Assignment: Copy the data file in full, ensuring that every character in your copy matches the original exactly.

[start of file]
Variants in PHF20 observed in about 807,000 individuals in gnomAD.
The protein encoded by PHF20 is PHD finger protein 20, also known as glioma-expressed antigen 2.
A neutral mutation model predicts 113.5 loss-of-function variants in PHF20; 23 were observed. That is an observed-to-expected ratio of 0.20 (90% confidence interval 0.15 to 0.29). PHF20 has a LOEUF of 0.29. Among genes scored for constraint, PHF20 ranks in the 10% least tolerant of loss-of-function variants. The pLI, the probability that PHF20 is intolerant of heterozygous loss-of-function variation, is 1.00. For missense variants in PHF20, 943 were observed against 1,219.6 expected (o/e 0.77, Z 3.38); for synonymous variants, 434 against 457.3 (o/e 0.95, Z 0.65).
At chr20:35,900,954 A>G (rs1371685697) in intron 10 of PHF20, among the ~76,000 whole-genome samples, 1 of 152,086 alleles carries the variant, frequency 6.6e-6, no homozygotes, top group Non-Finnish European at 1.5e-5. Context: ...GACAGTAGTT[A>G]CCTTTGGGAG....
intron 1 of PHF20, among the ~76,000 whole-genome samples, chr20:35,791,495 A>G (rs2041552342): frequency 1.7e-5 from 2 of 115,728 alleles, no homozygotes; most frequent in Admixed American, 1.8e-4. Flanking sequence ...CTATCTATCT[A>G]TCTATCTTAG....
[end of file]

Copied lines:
Variants in PHF20 observed in about 807,000 individuals in gnomAD.
The protein encoded by PHF20 is PHD finger protein 20, also known as glioma-expressed antigen 2.
A neutral mutation model predicts 113.5 loss-of-function variants in PHF20; 23 were observed. That is an observed-to-expected ratio of 0.20 (90% confidence interval 0.15 to 0.29). PHF20 has a LOEUF of 0.29. Among genes scored for constraint, PHF20 ranks in the 10% least tolerant of loss-of-function variants. The pLI, the probability that PHF20 is intolerant of heterozygous loss-of-function variation, is 1.00. For missense variants in PHF20, 943 were observed against 1,219.6 expected (o/e 0.77, Z 3.38); for synonymous variants, 434 against 457.3 (o/e 0.95, Z 0.65).
At chr20:35,900,954 A>G (rs1371685697) in intron 10 of PHF20, among the ~76,000 whole-genome samples, 1 of 152,086 alleles carries the variant, frequency 6.6e-6, no homozygotes, top group Non-Finnish European at 1.5e-5. Context: ...GACAGTAGTT[A>G]CCTTTGGGAG....
intron 1 of PHF20, among the ~76,000 whole-genome samples, chr20:35,791,495 A>G (rs2041552342): frequency 1.7e-5 from 2 of 115,728 alleles, no homozygotes; most frequent in Admixed American, 1.8e-4. Flanking sequence ...CTATCTATCT[A>G]TCTATCTTAG....